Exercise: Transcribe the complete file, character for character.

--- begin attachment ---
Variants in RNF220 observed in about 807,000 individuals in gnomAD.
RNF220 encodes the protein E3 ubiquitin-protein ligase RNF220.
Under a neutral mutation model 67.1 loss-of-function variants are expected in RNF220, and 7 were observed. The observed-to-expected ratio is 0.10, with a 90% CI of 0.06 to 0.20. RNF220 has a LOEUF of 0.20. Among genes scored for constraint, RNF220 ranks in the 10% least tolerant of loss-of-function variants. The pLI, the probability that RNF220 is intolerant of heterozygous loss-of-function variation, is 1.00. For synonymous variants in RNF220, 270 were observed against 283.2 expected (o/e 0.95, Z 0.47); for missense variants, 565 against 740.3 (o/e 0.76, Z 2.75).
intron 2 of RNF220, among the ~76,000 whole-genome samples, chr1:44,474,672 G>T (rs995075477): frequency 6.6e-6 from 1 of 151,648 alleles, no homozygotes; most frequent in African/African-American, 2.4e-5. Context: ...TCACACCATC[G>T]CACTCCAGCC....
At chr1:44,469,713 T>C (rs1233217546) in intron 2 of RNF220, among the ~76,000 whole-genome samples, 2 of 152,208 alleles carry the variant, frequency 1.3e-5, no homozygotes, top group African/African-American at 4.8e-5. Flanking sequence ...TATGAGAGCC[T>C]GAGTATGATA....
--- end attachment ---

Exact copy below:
Variants in RNF220 observed in about 807,000 individuals in gnomAD.
RNF220 encodes the protein E3 ubiquitin-protein ligase RNF220.
Under a neutral mutation model 67.1 loss-of-function variants are expected in RNF220, and 7 were observed. The observed-to-expected ratio is 0.10, with a 90% CI of 0.06 to 0.20. RNF220 has a LOEUF of 0.20. Among genes scored for constraint, RNF220 ranks in the 10% least tolerant of loss-of-function variants. The pLI, the probability that RNF220 is intolerant of heterozygous loss-of-function variation, is 1.00. For synonymous variants in RNF220, 270 were observed against 283.2 expected (o/e 0.95, Z 0.47); for missense variants, 565 against 740.3 (o/e 0.76, Z 2.75).
intron 2 of RNF220, among the ~76,000 whole-genome samples, chr1:44,474,672 G>T (rs995075477): frequency 6.6e-6 from 1 of 151,648 alleles, no homozygotes; most frequent in African/African-American, 2.4e-5. Context: ...TCACACCATC[G>T]CACTCCAGCC....
At chr1:44,469,713 T>C (rs1233217546) in intron 2 of RNF220, among the ~76,000 whole-genome samples, 2 of 152,208 alleles carry the variant, frequency 1.3e-5, no homozygotes, top group African/African-American at 4.8e-5. Flanking sequence ...TATGAGAGCC[T>C]GAGTATGATA....